POLL: Less than half of Americans set to take a COVID-19 vaccine

"Many on the fence have safety concerns and want to watch how the initial rollout fare"

Updated: December 9, 2020 - 3:40pm

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A new poll finds that only about half of Americans are all in for taking a COVID-19 shot once a vaccine is approved.

In the survey, 47% said said they would get a vaccine, 26% said no and 27% said they weren't sure.

The poll, conducted by the Associated Press-NORC Center for Public Affairs Research, found that 55% of males would get a vaccine, while 40% of women agreed. 

The findings varied widely by age: 51% of those 45 to 59 would take it, while just 36% of those under 45 said they planned to take a vaccine. Sixty-three percent said they either wouldn't take it or weren't sure if they would.

Race also played a factor: Just 24% of blacks and 34% of Hispanics said they'd take a vaccine, while 53% of whites would do so.

"Many on the fence have safety concerns and want to watch how the initial rollout fares – skepticism that could hinder the campaign against the scourge that has killed nearly 290,000 Americans," the AP wrote. "Experts estimate at least 70% of the U.S. population needs to be vaccinated to achieve herd immunity, or the point at which enough people are protected that the virus can be held in check."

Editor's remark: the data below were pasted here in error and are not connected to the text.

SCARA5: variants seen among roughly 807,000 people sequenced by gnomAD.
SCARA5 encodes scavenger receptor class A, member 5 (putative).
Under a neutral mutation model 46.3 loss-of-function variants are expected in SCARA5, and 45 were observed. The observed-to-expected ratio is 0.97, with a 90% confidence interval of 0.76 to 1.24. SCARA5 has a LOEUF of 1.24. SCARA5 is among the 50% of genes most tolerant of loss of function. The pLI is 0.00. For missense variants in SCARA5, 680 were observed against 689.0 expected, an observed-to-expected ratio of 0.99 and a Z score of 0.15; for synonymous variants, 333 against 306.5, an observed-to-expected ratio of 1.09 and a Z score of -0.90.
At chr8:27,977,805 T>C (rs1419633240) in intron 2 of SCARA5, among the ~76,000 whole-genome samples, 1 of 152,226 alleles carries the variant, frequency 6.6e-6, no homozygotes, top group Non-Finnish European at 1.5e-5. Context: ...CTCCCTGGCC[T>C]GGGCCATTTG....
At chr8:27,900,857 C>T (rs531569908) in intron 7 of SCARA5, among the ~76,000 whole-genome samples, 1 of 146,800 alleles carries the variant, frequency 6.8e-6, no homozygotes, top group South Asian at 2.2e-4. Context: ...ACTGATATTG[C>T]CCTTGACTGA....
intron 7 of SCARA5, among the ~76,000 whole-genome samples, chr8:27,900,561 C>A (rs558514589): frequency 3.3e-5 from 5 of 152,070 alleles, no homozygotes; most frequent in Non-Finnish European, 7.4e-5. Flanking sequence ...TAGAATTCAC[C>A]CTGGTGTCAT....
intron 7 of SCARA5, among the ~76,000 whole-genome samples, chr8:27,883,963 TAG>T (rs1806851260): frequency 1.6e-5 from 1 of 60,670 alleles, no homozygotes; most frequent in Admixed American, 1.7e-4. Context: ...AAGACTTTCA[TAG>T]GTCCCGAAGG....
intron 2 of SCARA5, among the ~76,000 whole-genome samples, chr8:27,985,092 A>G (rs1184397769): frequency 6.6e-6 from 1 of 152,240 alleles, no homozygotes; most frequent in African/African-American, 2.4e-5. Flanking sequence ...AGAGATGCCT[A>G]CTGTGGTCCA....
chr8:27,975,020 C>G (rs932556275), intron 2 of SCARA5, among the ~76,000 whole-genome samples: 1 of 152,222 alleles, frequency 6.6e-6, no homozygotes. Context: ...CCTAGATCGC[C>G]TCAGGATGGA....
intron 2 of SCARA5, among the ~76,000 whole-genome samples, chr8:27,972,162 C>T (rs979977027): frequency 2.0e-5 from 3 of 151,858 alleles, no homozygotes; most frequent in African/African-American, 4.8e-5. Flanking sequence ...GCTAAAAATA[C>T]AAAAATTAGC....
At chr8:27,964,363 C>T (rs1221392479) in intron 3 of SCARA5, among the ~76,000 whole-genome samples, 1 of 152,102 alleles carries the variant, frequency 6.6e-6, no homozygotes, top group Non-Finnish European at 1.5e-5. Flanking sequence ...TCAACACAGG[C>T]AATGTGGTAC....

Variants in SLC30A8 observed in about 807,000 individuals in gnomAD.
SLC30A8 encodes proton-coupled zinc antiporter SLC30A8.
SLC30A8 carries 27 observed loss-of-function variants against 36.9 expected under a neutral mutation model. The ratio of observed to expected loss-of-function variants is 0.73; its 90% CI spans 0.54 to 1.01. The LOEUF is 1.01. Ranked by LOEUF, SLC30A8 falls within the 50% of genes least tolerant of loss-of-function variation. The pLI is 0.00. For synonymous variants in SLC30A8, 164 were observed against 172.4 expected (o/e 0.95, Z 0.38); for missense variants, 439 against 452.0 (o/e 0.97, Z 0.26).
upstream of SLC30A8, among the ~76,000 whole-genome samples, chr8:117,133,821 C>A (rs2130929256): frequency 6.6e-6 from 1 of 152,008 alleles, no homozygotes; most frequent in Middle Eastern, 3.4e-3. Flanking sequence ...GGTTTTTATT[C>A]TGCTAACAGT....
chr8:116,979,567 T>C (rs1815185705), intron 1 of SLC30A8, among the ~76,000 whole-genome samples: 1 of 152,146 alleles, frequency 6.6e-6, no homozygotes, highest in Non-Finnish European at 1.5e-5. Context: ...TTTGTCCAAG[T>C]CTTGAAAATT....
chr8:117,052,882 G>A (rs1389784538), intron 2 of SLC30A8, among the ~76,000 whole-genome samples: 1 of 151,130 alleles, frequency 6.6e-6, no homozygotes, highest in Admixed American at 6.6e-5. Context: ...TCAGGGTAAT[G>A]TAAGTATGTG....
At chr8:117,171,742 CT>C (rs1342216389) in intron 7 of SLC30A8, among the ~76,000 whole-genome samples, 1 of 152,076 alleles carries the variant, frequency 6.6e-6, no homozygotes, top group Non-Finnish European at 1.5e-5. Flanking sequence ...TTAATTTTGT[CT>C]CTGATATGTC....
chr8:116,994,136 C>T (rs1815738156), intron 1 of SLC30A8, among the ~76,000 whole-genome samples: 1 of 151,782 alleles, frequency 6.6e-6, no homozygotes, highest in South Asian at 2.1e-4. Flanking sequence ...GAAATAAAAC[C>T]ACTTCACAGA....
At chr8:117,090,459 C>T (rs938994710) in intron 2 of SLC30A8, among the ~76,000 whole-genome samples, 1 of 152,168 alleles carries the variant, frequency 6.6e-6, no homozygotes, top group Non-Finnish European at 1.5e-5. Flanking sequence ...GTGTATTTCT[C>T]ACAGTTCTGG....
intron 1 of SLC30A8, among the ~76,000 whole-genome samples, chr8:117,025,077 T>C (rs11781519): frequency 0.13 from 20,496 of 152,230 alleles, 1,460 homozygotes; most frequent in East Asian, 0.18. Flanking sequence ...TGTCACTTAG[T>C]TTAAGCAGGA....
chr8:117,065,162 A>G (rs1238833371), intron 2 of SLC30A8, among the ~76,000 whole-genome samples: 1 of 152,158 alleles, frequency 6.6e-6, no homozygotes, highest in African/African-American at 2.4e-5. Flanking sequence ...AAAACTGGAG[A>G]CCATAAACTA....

Pollsters surveyed 1,117 American from Dec. 3 to 7.

The Food and Drug Administration said earlier this week that a vaccine by Pfizer and BioNTech had met safety and efficacy standard, which could result in full, emergency-use approval in the coming days.

Biotech firm Moderna on Nov. 30 moved to win emergency use authorization from the FDA for its experimental COVID-19 vaccine. 

A third vaccine is also in the pipeline. AstraZeneca and Oxford University on Nov. 23 said their jointly created COVID-19 vaccine has proven to be up to 90% effective and the makers claims will be easier to distribute.

The Pfizer vaccine was rolled out this week in Britain, but already there have been problems. 

"Britain’s medical regulator warned Wednesday that people with a history of serious allergic reactions shouldn’t receive the COVID-19 vaccine from Pfizer and BioNTech as investigators look into whether two reactions on the first day of the country’s vaccination program were linked to the shot," the AP reported on Wednesday.

Two people in the UK, both of whom work in the National Health Service, who have taken the vaccine had anaphylactoid reactions. Both recovered.